I work next to a lovely Muslim village full of women in brightly colored Hijabs, and have witnessed demonstrations of peaceful coexistence, when in every conference that I attend, the opening prayer is done by a Christian and the closing prayer given by a Muslim.

Under terms of Ramadan, Muslims must fast from sunrise to sunset. This fast means no food and in some cases no water, but it's also a time of restraint for other things, such as personal vices, unkind thoughts, and angry actions.

While I am not partaking of the fast myself, but out of respect me and many non-Muslims choose not to eat in public during Ramadan. Until I restricted my public eating habits, I never realized he availability of food. Vendors in every corner, sales ladies walking through traffic jams balancing baskets of bread or fruit or candy on their heads and selling their wares to people in cars, bicyclers pushing ice-cream carts.... All forbidden during Ramadan.

Even though it clearly requires a great deal of restraint, at least it seems pretty straightforward -- a time of self-sacrifice and re-devotion to Allah, a time to cut out the bad and nurture the good. However, the blessed month can come with some unexpected twists and hurdles.

For instance, while traveling. Technically, the Quran gives a pass to travelers, suggesting they keep up their strength for he journey and make up the missed days later. However, many Muslims continue adhering to as many guidelines as possible.  Timing is important during Ramadan, and a hassle for anyone flying through time zones. There is a time for prayers, a time for fasting, and a time for Suhoor (pre-fasting meal) and Iftar (meal to break the fast.) In places with a heavy Muslim population, there are public announcements or alerts reminding Muslims of the time.

I was caught off guard while watching TV last week when my regularly scheduled programming switched suddenly to play Arabic music and show a passage from the Qur'an. However, those mid-flight have a bit more trouble than those at home watching TV.  Luckily, airlines are usually sympathetic.  Recently, Emirates announced that along with providing traditional Muslim sunrise and sunset meals, with items such as vegetable samosas, dates and baklava, it would also be using a special tool that calculated latitude, longitude and altitude to provide the most accurate possible timing for the ceremonies.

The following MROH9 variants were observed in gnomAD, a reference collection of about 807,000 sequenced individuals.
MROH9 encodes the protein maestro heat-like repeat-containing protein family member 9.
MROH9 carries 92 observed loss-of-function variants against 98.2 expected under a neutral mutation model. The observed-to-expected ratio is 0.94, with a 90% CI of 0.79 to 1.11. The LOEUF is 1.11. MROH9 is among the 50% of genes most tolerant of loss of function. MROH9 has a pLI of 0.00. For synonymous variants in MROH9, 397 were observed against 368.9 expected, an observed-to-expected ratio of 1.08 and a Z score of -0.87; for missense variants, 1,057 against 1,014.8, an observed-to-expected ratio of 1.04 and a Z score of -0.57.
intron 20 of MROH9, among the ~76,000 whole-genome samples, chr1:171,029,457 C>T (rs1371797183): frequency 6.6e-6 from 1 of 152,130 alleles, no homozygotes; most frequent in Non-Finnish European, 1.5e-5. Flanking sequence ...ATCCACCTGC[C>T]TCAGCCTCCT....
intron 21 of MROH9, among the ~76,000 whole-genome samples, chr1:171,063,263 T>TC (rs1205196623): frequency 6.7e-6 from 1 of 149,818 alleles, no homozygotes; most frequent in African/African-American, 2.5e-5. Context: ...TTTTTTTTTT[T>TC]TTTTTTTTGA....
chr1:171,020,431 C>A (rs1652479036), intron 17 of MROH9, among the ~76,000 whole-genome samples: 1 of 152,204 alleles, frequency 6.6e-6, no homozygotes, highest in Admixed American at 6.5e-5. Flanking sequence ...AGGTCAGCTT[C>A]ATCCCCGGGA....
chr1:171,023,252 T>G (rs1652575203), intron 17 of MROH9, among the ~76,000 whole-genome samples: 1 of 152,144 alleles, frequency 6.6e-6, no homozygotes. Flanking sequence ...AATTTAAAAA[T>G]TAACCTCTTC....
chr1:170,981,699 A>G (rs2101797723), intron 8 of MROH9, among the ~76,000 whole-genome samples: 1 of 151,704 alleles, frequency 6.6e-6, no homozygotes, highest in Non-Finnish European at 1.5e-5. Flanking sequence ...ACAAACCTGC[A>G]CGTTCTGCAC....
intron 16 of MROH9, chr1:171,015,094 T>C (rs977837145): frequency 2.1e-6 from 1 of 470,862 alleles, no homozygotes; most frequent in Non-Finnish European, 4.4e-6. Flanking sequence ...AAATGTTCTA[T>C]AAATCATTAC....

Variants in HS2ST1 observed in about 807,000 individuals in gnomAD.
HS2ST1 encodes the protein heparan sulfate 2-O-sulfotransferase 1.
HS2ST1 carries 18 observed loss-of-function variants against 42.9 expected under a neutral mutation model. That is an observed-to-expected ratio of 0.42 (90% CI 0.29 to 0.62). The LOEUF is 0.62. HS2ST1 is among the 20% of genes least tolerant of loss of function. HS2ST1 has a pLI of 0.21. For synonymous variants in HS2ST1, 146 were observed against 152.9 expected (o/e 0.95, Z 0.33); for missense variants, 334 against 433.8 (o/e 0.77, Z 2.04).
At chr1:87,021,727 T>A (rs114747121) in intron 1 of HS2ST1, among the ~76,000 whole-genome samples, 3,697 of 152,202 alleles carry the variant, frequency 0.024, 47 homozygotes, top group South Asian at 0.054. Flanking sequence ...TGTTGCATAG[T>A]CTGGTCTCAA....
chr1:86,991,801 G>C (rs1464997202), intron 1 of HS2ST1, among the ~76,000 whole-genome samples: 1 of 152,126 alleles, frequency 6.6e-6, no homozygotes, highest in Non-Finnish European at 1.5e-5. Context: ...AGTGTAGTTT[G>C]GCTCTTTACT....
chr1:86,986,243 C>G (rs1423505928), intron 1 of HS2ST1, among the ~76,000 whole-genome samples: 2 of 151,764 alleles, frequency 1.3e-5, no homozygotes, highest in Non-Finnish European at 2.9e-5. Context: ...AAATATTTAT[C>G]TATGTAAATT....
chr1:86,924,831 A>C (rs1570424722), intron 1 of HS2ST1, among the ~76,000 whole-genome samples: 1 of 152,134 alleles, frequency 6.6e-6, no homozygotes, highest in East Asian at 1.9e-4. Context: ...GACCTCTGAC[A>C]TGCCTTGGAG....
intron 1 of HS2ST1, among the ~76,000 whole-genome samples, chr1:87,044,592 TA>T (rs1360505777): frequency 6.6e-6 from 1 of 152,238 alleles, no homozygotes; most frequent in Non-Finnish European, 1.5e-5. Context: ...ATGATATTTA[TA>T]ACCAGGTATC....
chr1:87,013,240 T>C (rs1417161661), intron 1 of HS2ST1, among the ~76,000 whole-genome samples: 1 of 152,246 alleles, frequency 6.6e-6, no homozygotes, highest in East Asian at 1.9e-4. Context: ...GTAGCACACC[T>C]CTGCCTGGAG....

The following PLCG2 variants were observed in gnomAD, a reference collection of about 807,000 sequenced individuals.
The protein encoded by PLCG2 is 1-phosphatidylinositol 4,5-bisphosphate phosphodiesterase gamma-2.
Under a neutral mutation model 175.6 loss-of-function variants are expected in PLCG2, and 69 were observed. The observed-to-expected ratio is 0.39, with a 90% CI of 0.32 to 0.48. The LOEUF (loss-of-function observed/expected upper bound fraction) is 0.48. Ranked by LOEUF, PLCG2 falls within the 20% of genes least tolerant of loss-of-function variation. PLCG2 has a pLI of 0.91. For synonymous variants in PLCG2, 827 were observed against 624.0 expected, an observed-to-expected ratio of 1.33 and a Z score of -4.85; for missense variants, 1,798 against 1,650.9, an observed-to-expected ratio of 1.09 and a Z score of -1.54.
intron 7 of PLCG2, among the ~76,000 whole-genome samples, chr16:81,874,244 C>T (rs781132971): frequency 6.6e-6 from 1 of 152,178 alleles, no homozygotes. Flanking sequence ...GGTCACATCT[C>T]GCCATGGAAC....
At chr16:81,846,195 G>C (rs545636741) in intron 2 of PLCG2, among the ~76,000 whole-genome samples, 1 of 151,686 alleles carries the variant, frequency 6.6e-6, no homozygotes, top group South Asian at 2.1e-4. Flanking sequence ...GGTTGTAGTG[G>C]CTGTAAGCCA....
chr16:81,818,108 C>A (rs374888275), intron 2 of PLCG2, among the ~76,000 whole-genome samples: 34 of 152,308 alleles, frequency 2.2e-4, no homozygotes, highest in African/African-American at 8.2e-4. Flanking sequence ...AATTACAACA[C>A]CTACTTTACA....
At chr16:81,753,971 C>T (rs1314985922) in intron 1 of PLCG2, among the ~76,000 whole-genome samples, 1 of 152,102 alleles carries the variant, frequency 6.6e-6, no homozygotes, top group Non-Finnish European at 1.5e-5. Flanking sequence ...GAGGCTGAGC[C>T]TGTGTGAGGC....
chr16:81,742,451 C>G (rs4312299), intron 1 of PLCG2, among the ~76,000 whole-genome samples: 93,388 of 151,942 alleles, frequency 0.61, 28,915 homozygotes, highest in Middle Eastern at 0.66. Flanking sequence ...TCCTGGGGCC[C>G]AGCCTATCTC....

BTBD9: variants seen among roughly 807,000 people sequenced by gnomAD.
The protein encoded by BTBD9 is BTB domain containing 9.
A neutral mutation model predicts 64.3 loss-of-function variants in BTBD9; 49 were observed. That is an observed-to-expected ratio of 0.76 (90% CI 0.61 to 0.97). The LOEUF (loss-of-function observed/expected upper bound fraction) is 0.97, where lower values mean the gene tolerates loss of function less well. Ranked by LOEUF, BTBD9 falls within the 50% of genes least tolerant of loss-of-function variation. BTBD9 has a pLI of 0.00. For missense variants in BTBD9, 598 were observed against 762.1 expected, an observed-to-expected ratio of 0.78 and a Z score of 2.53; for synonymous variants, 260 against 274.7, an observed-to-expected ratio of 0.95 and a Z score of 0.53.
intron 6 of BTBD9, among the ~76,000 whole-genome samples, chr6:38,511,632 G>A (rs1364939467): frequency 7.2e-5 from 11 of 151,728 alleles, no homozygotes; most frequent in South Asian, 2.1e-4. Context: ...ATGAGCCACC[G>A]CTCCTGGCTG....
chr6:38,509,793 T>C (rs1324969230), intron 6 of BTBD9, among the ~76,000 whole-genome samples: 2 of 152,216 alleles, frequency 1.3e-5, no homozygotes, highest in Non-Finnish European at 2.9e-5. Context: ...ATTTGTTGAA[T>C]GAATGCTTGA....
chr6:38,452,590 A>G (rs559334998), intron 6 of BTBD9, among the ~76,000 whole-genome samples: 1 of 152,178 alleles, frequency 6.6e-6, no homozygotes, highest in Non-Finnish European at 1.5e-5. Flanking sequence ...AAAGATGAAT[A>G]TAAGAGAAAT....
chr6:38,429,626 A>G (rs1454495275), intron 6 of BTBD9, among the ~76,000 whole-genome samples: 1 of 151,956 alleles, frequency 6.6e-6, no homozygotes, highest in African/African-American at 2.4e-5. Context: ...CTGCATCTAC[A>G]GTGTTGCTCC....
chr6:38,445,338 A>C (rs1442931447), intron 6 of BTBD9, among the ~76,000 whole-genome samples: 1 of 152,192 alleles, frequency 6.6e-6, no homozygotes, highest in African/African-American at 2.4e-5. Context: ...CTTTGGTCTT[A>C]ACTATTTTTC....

Back on solid ground, athletes may also have problems.  This year, Ramadan coincides with the World Cup, which causes some Muslim players extra difficulties.  On the other hand, the Qur'an does give an exemption to warriors about to go into battle, so perhaps Football is covered in that fine print.  Ramadan's timing may even have affected betting odds on teams, as some suggested teams from Muslim regions might have performance issues.  France, Germany, Belgium, and Algeria all had prominent Muslim players and, in my humble opinion, they all played admirably, fast or no fast.  That may be thanks to a special team of nutritionists FIFA provided to advise the fasting players.

As well as lack of food and hydration fears, disrupted sleep schedules (for nighttime prayers) may result in athletes not being up to par. In the past, some coaches held nighttime practices so the players could be well nourished during practice, so at least the nutrition issue would be solved, if not the disrupted sleep issue. Especially in hotter regions, it isn't uncommon for any Muslim to burn the midnight oil during Ramadan, which unfortunately can lead to an increase in car accidents during the month.